Being there : South Africa, a contemporary scene
Fondation Louis Vuitton & Dilecta, Paris, 2017
I have been making a history of an unknown world, perhaps rather an uncharted territory [...] writing own remembrances of things past, people I left behind1.
Born in Bakenberg in 1975
Moshekwa Langa was born in Bakenberg, a rural village in the province of Limpopo, north of Johannesburg, a self-governing state that was only recognised by the apartheid regime.2 After having studied at a Steiner school in Pretoria, he settled in Europe, mainly Amsterdam, after a residency at the Rijksakademie from 1997 to 1998. His biography constituted the start- ing point of a narrative focusing on his native land. Since the mid-1990s, he has been developing an oeuvre based on the association of disparate elements, exper- imentation with materials, intuition and gesture. His installations, drawings, paintings, collages, photographs and videos are all attempts at reconstituting and cir- cumscribing a territory.
Behind his works is the childhood memory of an incomplete map: he discovered one day that Bakenberg did not gure in a world atlas. Many of his works were inspired by his desire to inscribe it in geography, to reconstruct it mentally and to make it exist. The map motif is also found in the early drawings and collages produced in the 1990s using maps of South Africa that became obsolete after the end of apart- heid in 1994. His installation Temporal Distance (With a Criminal Intent) You Will Find Us in the Best Places, a heap of wool threads, miniature cars and bottles, form an urban landscape reused several times between 1997 and 2009. It is also found in his recent paintings and his drawing-poems.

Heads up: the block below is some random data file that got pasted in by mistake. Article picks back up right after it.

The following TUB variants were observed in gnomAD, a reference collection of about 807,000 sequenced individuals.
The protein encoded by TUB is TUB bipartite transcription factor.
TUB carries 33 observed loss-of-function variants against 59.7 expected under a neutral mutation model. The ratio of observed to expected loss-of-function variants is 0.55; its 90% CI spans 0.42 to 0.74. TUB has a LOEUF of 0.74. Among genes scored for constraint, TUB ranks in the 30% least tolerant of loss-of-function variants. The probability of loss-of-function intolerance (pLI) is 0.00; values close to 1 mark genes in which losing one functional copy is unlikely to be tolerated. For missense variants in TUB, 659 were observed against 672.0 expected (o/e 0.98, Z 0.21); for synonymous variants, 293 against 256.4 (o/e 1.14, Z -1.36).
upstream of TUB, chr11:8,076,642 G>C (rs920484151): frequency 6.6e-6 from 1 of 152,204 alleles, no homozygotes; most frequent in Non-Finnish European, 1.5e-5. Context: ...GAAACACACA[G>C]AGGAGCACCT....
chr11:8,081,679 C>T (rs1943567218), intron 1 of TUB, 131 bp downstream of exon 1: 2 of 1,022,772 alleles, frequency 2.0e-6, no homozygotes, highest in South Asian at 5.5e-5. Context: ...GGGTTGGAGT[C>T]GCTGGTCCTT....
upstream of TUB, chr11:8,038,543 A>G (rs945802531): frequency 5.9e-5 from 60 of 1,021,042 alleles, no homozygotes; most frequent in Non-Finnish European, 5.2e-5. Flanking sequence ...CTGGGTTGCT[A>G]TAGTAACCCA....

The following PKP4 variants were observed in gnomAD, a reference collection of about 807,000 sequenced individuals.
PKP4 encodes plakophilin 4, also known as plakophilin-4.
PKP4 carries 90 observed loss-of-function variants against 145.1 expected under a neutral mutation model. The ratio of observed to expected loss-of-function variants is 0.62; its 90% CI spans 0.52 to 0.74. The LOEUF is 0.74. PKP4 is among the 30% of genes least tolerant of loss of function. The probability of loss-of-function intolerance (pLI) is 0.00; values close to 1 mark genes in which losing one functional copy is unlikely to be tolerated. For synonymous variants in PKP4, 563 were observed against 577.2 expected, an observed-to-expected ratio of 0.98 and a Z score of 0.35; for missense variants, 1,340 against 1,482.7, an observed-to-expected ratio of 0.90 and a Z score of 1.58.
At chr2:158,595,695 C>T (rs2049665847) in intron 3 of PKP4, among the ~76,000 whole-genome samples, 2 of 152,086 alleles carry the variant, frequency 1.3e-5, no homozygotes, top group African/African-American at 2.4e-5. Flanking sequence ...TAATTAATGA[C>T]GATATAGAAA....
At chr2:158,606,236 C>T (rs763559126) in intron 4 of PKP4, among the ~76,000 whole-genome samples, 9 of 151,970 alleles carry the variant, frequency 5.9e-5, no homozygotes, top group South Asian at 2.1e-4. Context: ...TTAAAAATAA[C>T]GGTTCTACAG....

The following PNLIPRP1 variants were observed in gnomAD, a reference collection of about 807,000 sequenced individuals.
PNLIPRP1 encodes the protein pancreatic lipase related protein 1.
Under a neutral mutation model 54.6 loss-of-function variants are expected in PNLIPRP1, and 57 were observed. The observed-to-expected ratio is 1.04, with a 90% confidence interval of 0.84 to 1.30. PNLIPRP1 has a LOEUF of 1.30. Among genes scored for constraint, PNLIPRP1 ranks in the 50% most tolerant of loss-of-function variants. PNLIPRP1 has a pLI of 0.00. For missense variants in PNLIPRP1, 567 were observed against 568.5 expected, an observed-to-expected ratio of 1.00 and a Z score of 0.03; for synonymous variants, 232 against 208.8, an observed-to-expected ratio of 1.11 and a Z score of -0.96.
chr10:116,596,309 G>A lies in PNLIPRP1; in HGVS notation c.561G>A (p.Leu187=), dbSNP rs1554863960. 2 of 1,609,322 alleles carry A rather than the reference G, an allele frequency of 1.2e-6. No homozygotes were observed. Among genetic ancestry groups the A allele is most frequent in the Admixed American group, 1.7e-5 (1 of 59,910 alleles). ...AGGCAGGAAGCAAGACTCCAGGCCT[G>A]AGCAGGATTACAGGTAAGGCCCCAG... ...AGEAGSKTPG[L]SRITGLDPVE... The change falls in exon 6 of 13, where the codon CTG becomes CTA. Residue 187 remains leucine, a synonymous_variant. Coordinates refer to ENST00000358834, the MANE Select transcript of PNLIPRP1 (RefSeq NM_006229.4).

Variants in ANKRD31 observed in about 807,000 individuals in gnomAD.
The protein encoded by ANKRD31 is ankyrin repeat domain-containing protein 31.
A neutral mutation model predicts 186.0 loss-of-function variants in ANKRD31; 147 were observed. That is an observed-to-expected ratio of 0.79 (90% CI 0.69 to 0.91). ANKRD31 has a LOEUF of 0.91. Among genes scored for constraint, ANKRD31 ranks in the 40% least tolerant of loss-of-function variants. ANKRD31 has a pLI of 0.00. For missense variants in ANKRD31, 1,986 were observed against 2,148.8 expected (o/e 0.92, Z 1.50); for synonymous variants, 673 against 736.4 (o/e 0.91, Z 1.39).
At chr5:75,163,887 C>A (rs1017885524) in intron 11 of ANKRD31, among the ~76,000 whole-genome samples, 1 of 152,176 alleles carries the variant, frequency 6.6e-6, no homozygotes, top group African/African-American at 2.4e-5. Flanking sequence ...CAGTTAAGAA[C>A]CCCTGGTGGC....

The series of “Drag Paintings,” produced in 2016, is an extension of it. Damp canvases attached to the backs of cars are dragged along the red-earth roads around Bakenberg. The cloth preserves the rough bits of the soil and its traces, forming an abstract cartography of the region. Once these canvases are hung vertically, they evoke topographical surveys: the artist’s subjectiv- ity makes way for a random process. They bear witness to the artist’s clear attachment to the territories recon- stituted in a fragmentary manner.
The looped video Where Do I Begin? (2001) was inspired by a childhood memory. Langa lmed in medium close-up at calf level a queue of people getting on to a bus: trouser bottoms, skirts and bare legs, shoes, umbrellas, canes and bags against a backdrop of red earth. The slow ascent of the steps is punctuated by the rst repetitive measures of the song Where Do I Begin? performed by Shirley Bassey. Seen from a child’s height, this video has the power of memory and of a haunting visual imprint. It reconstitutes the necessary everyday journeys of a population. The artist, a perpetual traveller, resumes contact here with ground abandoned by necessity and found again since, to which he also states his belonging.
1. Moshekwa Langa, quoted by Tracy Murinik, in “Moshekwa Langa”, Art Cities of the Future, London: Phaidon, 2012, p. 155.
2. Limpopo corresponded to the Bantustan of KwaNdebele,
a region created during the apartheid period, reserved for black populations and which enjoyed a certain autonomy.